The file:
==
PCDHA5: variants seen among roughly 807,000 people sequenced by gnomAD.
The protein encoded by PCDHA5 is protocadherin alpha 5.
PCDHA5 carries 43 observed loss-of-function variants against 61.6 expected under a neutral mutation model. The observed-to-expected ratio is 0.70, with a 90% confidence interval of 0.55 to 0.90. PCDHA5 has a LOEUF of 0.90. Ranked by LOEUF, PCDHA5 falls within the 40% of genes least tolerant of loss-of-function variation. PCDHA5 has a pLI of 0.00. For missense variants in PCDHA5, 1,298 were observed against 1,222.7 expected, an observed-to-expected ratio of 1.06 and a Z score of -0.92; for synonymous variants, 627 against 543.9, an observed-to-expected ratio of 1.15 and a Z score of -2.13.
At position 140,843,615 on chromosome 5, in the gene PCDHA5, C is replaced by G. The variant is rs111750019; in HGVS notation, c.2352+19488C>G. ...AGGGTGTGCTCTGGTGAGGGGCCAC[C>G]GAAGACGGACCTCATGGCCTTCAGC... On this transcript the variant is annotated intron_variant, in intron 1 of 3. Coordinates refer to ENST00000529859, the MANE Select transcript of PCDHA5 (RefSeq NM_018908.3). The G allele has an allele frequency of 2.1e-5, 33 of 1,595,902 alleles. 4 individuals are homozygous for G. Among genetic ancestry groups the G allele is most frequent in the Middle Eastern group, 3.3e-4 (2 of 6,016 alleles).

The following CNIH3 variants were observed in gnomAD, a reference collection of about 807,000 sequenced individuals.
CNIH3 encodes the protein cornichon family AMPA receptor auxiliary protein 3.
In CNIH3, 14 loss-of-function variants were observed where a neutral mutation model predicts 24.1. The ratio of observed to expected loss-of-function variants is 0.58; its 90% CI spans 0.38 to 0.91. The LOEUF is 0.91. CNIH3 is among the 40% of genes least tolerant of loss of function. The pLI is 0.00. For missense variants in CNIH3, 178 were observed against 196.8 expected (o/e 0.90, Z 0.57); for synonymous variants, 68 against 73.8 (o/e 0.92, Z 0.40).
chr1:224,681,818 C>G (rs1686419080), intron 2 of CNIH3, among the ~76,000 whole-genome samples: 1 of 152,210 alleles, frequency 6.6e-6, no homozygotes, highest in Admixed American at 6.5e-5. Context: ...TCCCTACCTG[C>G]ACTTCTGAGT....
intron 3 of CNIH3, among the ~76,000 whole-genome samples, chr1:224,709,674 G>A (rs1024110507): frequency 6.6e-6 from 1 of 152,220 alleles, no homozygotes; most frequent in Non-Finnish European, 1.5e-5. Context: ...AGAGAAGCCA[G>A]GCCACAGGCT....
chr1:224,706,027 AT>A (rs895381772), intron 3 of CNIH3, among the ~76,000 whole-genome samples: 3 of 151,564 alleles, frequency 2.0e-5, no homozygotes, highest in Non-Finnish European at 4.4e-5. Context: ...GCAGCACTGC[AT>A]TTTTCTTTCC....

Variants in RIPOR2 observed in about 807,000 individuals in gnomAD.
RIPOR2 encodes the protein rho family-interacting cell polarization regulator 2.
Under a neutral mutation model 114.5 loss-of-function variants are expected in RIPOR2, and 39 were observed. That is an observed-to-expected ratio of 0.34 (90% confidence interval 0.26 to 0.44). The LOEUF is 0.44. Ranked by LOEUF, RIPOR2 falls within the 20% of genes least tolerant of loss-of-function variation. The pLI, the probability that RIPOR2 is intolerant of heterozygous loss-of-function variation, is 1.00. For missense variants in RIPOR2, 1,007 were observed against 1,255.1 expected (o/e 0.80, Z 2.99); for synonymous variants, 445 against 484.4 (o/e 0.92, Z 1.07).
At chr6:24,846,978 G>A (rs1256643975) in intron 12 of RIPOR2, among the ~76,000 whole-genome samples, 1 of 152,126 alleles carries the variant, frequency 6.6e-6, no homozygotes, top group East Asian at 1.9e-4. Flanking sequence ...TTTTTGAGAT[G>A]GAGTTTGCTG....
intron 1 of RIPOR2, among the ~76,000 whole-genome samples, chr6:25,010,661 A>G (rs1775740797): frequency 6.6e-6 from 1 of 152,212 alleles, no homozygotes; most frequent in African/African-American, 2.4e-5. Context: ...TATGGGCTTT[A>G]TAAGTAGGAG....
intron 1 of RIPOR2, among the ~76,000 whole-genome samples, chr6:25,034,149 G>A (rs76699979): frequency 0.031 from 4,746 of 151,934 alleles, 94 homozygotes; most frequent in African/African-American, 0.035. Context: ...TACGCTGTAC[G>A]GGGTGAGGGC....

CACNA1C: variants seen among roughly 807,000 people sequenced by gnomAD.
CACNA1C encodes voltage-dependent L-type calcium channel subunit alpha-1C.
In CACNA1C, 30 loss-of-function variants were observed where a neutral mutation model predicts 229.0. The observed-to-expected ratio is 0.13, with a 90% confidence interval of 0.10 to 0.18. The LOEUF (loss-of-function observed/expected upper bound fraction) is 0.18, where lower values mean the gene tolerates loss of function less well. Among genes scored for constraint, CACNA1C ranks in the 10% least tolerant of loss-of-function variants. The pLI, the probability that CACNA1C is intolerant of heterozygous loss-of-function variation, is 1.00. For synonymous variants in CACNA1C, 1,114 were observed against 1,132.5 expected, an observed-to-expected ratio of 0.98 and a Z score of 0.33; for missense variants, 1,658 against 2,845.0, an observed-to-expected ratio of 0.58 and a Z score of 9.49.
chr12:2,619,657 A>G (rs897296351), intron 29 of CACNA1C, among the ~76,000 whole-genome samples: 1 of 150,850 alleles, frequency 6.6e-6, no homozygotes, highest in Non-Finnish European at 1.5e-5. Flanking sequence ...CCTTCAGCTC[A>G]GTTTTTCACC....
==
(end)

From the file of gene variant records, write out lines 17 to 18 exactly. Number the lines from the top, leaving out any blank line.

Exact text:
CACNA1C: variants seen among roughly 807,000 people sequenced by gnomAD.
CACNA1C encodes voltage-dependent L-type calcium channel subunit alpha-1C.